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Historical Development of the Periodic Table:
- Antoine Lavoisier compiled a list of all elements that were known in that time and organized them into 4 categories.
- John Newlands proposed the law of octaves that if the elements were organized by increasing atomic mass then their properties repeated every eighth element.
- By arranging the elemnets in order of increasing atomic mass into columns with similar properties, Mendeleev and Meyer organized the elements into a periodic table.
- As elements and their properties were discovered it was apparent that Mendeleev's table was not completely correct.
- Moseley's arrangements by atomic number resulted in a clear periodic pattern of properties. This pattern is not the periodic law.
The statement that there is a periodic repetition of chemical and physical properties of the elements when they are arranged in increasing atomic number.
The modern periodic table:
The modern periodic table consists of boxes, each containing the element's name, symbol, atomic number, and atomic mass. The boxes are arranged in increasing atomic number into series of columns called groups or families, and rows called periods.
- Elements that are generally shinny when smoth and clean, solid at room temperature, and good conductors of heat and electricity.
- most representative (1, 2, 3, 13-18) and transition elements (3-12) are metals.
The group 1 elements except hydrogen are alkali metals. These are very reactive (sodium, lithium).
Alkaline Earth Metals:
These are in group 2. They are also highly reactive (calcium, magnesium).
Transition and Inner transition metals:
- The transition elements are divided into transition and inner transition metals.
- The inner transition metals are divided into:
- Lanthanide series: substances that emit light when struck by electrons.
- Actinide series: along with the lanthanide series these are located in the bottom of the periodic table.
- The rest of the elements from 3-12 are transition metals.
- These occupy the upper right side of the periodic table.
- These are element that are generally gases or brittle, dull-looking solids.
- They are poor conductors of electricity and heat.
These are highly reactive and occupy group 17 in the periodic table (fluorine).
- The extremely unreactive group 18 elements are called noble gases.
- They are used in lasers, light bulbs, and neon signs.
- These are the elements bordering the stairstep except aluminum.
- They have chemical and physical properties of both metals and nonmetals (silicon, germanium).
states that atoms tend to gain, lose or share electrons in order to acquire a full set of eight valence electrons and reach stability.
- generally decreases from left to right and increases as you go down in a group.
- atomic size is defined by how closely an atom lies to a neighboring atom. atom size varies from one substance to another.
- Atoms can gain or lose electrons to form ions.
- Ion: an atom or a bonded group of atoms that has a positive or negative charge.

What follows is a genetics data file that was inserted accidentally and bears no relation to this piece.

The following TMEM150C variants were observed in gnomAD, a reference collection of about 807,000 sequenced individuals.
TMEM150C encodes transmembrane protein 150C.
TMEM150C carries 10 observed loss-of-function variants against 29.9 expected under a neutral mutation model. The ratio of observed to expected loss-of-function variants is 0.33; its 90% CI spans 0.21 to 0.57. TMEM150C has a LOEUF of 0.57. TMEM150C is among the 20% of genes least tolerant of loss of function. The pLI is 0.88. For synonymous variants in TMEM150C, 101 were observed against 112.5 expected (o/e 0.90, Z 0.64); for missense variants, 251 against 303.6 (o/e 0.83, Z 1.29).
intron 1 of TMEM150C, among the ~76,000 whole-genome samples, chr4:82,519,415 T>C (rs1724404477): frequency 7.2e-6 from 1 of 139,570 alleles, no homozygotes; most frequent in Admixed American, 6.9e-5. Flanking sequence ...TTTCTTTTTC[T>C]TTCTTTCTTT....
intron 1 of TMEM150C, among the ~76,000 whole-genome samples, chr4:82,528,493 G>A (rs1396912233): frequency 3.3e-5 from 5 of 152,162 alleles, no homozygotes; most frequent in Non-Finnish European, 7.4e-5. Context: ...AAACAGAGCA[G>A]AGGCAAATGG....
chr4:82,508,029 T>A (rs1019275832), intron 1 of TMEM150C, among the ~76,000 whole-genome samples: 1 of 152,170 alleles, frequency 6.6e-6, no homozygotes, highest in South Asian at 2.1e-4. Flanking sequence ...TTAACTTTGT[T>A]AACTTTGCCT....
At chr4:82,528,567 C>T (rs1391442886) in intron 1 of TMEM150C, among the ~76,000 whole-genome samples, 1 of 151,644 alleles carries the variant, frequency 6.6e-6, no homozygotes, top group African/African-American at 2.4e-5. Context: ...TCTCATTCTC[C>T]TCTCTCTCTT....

- When ant atom loses electrons and form positively charged ions, they become smaller.
- Positive ions are smaller than the neutral atom from which they formed
- Negative ions are larger than the neutral atom from which they formed.
- from left to right positive ions decrease and from 15 or 16 the size of large ions decrease.
is defined as the energy required to remove an electron from a gaseous atom.
- indicated the relative ability of its atoms to attract electrons in a chemical bond (same trend as ionization energy)
- noble gases do not have electronegativity
- •The Inner Transition Metals are present
- in the bottom of the Periodic Table.
- •They occupy periods 6 and 7.
- •They are divided into two series, lanthanoid and actinoids.
- •The lanthanoid series consists of 14 elements which starts from cerium to lutetium.
- •Actinoids consists of 14 elements from thorium to lawrencium (atomic #: 90-103)
- Common properties of lanthanides:
- •They are strong reducing agents.
- •Their compounds are generally ionic.
- •At elevated temperatures, ignite and burn vigorously.
- •Strongly paramagnetic.
- •Fluoresce strongly under ultraviolet light.
- •Lanthanide ions tend to be pale colors
- •The magnetic moments of the lanthanide and iron ions oppose each other.
- •The lanthanides react readily with most nonmetals and form binaries.
- •The coordination numbers of lanthanides
- are high(<6).
- Common properties of rare earth (both)
- •The rare earths are silver, silvery-white, or gray metals.
- •The metals have a high luster, but tarnish readily in air.
- •The metals have high electrical conductivity.
- •The rare earths share many common properties. This makes them difficult to separate or even distinguish from each other.
- •There are small differences in solubility and complex formation between the rare earths.
- •The rare earth metals naturally occur together in minerals.
- •Rare earths are found with non-metals
- •There is little tendency to vary the valence.